Tropical butterflies, invertebrates and a rainforest in Colorado

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Butterfly Pavilion is excited to announce our newest birth! Since receiving three female and one male golden silk orb-weavers from the southeastern U.S. last summer, Entomologist Amber Lynn Partridge and her team have spent countless hours ensuring the vitality...

Science & Conservation Articles

By Amy Yarger, Horticulture Director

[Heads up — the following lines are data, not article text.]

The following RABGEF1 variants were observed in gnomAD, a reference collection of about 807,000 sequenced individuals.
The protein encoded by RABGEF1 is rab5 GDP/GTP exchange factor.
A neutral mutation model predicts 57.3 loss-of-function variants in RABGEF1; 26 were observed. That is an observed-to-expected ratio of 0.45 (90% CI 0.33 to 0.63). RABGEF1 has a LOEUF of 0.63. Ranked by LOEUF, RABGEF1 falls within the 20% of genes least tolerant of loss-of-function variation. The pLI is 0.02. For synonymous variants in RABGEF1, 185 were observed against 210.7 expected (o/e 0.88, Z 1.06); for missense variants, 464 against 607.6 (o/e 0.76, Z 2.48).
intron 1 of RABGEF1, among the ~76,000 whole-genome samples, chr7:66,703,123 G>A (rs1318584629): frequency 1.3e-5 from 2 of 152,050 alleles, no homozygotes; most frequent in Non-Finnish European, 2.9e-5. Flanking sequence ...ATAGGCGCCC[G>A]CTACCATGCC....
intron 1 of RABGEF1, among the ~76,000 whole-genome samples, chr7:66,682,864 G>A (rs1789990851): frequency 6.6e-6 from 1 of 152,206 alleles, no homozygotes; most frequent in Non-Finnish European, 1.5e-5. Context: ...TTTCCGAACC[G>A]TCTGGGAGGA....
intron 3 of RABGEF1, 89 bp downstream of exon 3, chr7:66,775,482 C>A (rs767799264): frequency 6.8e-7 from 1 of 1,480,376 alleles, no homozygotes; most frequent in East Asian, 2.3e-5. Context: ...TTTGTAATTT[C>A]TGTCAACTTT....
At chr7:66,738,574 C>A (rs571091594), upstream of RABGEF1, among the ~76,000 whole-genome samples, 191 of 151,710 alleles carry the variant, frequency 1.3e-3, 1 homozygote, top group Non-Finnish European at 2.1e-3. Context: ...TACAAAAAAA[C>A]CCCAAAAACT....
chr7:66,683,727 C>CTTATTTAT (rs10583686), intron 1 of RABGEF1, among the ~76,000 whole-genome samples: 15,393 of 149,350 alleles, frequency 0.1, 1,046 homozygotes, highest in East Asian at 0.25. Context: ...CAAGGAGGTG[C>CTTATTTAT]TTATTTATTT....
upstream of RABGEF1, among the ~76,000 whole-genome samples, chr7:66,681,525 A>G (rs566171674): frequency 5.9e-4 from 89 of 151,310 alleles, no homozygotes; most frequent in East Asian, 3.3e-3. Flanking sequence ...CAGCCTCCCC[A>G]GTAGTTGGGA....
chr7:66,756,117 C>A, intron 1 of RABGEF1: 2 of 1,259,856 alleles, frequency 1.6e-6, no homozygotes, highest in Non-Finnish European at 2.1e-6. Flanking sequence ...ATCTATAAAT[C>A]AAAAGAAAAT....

Spring in Colorado can be a risky proposition for insects. Some years, temperatures rise, and flowers and pollinators get busy right away. Other years, like last year, spring activity is scuttled by wet snows and cold nights. Butterflies ready to emerge may remain in their chrysalids a whole extra year, or bees may find a shortage of nectar and pollen under heavy snow. However, gardeners can make things a little easier for pollinators and other beneficial wildlife during this unpredictable season.